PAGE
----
C-N football program sees 10 players make professions
By David Dawson
Baptist and Reflector
JEFFERSON CITY — Big decisions are often made at football camp. Who is going to be the starting tailback? What scheme is the new defensive coordinator going to install? Is the kick returner going to be used at wide receiver?
Important choices, for sure. Choices that can ultimately determine a team’s success.
And yet, those types of decisions aren’t nearly as significant as the decisions that were made at Carson-Newman’s football camp this summer. These were life-changing — and eternity-altering — decisions.
In the latest example of the Christ-first culture that permeates throughout the Carson-Newman football program, 10 players on the C-N football team made professions of faith during the Eagles’ preseason camp. More than a dozen other players also made commitments, including rededications and other decisions, during camp.
“It’s bigger than football — for all of us,” said Marty Blakely, a former C-N player who is now the team’s chaplain and the area director for Lakeway FCA. “It’s been enormous to see God at work. And then to see the response, it’s just been awesome.”
Following camp, the 10 players were baptized in Mossy Creek. The professions of faith were the continuation of a well-established tradition at Carson-Newman, where winning and soul-winning go hand-in-hand.
On the field, the Eagles have established themselves as one of the premiere football programs in the NCAA Division II ranks. They’ve won five national championships and 23 South Atlantic Conference titles in the program’s history. They’ve also sent 44 players to the NFL and had 125 players named All-Americans.
Off the field, the Eagles’ legacy is even richer. It is filled with stories similar to the one that happened this summer, when the presence of the Lord was so clearly felt.
Ken Sparks, who coached at Carson-Newman from 1980-2016, played a pivotal role in shaping the C-N program into a team that won plenty of football games, but always honored God while doing so. Sparks, who passed away in 2017, has more wins than any coach in Division-II history.
When he retired, Sparks passed the reins to current head coach Mike Turner, who has continued the Eagles’ standards — both on and off the field.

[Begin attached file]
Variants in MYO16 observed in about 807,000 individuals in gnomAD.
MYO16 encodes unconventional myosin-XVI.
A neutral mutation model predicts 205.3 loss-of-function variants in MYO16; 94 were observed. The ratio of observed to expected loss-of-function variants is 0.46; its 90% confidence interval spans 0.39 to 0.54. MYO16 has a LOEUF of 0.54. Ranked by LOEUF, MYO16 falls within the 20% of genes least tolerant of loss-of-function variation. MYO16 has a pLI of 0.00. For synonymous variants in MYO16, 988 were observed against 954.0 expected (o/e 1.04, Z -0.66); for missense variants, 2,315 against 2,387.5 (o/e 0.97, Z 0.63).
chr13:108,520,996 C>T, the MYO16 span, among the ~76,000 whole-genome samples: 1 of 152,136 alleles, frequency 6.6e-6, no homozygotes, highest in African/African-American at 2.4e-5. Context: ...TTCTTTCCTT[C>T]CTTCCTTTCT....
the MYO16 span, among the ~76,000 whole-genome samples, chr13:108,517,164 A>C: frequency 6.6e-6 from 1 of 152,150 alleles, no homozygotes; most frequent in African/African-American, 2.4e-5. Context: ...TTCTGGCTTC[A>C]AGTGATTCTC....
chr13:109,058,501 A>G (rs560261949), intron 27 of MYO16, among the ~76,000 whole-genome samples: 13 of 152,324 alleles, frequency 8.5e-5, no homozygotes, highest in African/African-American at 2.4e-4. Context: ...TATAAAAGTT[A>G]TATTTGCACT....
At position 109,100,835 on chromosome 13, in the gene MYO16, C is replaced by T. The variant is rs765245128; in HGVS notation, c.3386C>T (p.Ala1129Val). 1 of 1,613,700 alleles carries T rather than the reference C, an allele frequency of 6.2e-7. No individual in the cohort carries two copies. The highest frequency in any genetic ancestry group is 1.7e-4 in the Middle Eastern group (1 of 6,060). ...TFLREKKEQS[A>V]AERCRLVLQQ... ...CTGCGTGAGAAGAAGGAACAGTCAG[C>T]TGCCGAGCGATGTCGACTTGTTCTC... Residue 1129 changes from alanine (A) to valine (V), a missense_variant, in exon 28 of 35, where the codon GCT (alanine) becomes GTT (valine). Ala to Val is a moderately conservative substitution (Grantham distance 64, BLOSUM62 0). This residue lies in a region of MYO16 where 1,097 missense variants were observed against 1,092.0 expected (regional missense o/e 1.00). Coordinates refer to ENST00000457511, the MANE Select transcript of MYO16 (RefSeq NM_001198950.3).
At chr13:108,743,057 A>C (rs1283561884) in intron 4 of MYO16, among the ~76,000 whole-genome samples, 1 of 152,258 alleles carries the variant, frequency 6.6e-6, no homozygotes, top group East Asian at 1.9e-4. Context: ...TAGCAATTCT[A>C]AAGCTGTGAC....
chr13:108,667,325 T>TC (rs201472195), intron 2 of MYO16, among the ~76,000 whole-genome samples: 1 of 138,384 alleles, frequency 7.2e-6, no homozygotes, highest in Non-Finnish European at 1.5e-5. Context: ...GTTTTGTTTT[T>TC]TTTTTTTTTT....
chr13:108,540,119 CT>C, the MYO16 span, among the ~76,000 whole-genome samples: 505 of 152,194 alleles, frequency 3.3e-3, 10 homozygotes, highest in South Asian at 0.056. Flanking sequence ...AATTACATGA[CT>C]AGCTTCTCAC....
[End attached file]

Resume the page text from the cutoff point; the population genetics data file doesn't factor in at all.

“When Mike Turner became the head coach, it was a seamless transition,” said C-N volunteer kickers and punters coach Alan Duncan. “I mean, he has a heart to reach these young men for Christ just the same way Coach Sparks did. It’s literally the culture of the program.
“It’s almost unbelievable how focused the coaching staff is on building young men and seeing them develop a relationship with Christ. It’s more important to them than winning football games, although they do a good job of that, too,” added Duncan, who played at the University of Tennessee and went on to kick in the USFL with the Memphis Showboats. He then served as an International Mission Board missionary in South Africa for 16 years and is now on staff at Manley Baptist Church in Morristown.
Duncan and Blakely said that many of the 18-22-year-olds who play football at Carson-Newman come to campus with hopes of finding something that’s more powerful than the fleeting high of on-field victories. And once they find it, the results outlast anything that they achieved between the lines.
“There are just so many young men that I could tell you about who have gone into ministry or maybe gone into coaching with the philosophy of ‘God has called me to reach as many as I can with the gifts and the talents that He’s given me,’ ” said Duncan. “And many times, they have developed that purpose because of the influence of these coaches, and the FCA, here at Carson-Newman.”
And those are the victories that last.